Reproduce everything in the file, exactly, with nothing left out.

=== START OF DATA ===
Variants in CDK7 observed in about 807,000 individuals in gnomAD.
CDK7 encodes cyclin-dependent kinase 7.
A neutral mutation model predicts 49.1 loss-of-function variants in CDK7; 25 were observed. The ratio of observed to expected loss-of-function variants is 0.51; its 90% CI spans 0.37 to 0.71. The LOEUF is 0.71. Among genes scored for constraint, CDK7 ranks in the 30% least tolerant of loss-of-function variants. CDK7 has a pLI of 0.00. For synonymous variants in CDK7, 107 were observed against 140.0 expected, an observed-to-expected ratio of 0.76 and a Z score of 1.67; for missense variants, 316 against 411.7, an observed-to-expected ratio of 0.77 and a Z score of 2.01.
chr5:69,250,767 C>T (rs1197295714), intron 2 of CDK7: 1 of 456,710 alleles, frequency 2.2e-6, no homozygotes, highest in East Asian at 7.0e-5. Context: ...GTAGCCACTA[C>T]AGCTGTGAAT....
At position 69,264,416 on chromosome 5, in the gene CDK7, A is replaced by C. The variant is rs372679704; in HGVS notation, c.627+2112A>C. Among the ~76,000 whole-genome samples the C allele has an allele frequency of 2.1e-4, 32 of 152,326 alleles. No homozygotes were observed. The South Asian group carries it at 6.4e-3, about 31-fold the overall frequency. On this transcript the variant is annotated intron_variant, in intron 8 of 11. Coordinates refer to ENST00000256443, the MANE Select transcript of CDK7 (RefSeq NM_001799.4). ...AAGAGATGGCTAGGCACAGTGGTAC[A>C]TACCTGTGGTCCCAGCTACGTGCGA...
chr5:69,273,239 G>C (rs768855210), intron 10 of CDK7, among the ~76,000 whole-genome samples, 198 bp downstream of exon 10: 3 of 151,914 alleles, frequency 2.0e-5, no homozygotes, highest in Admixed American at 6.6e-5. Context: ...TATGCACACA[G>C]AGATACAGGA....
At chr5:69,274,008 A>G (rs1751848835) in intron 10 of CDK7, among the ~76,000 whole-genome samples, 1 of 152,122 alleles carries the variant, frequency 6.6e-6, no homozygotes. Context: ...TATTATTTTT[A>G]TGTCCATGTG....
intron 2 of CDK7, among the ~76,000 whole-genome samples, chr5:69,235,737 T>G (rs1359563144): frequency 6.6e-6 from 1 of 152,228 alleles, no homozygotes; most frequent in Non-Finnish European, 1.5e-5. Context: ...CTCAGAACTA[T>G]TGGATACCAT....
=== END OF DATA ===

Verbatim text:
Variants in CDK7 observed in about 807,000 individuals in gnomAD.
CDK7 encodes cyclin-dependent kinase 7.
A neutral mutation model predicts 49.1 loss-of-function variants in CDK7; 25 were observed. The ratio of observed to expected loss-of-function variants is 0.51; its 90% CI spans 0.37 to 0.71. The LOEUF is 0.71. Among genes scored for constraint, CDK7 ranks in the 30% least tolerant of loss-of-function variants. CDK7 has a pLI of 0.00. For synonymous variants in CDK7, 107 were observed against 140.0 expected, an observed-to-expected ratio of 0.76 and a Z score of 1.67; for missense variants, 316 against 411.7, an observed-to-expected ratio of 0.77 and a Z score of 2.01.
chr5:69,250,767 C>T (rs1197295714), intron 2 of CDK7: 1 of 456,710 alleles, frequency 2.2e-6, no homozygotes, highest in East Asian at 7.0e-5. Context: ...GTAGCCACTA[C>T]AGCTGTGAAT....
At position 69,264,416 on chromosome 5, in the gene CDK7, A is replaced by C. The variant is rs372679704; in HGVS notation, c.627+2112A>C. Among the ~76,000 whole-genome samples the C allele has an allele frequency of 2.1e-4, 32 of 152,326 alleles. No homozygotes were observed. The South Asian group carries it at 6.4e-3, about 31-fold the overall frequency. On this transcript the variant is annotated intron_variant, in intron 8 of 11. Coordinates refer to ENST00000256443, the MANE Select transcript of CDK7 (RefSeq NM_001799.4). ...AAGAGATGGCTAGGCACAGTGGTAC[A>C]TACCTGTGGTCCCAGCTACGTGCGA...
chr5:69,273,239 G>C (rs768855210), intron 10 of CDK7, among the ~76,000 whole-genome samples, 198 bp downstream of exon 10: 3 of 151,914 alleles, frequency 2.0e-5, no homozygotes, highest in Admixed American at 6.6e-5. Context: ...TATGCACACA[G>C]AGATACAGGA....
At chr5:69,274,008 A>G (rs1751848835) in intron 10 of CDK7, among the ~76,000 whole-genome samples, 1 of 152,122 alleles carries the variant, frequency 6.6e-6, no homozygotes. Context: ...TATTATTTTT[A>G]TGTCCATGTG....
intron 2 of CDK7, among the ~76,000 whole-genome samples, chr5:69,235,737 T>G (rs1359563144): frequency 6.6e-6 from 1 of 152,228 alleles, no homozygotes; most frequent in Non-Finnish European, 1.5e-5. Context: ...CTCAGAACTA[T>G]TGGATACCAT....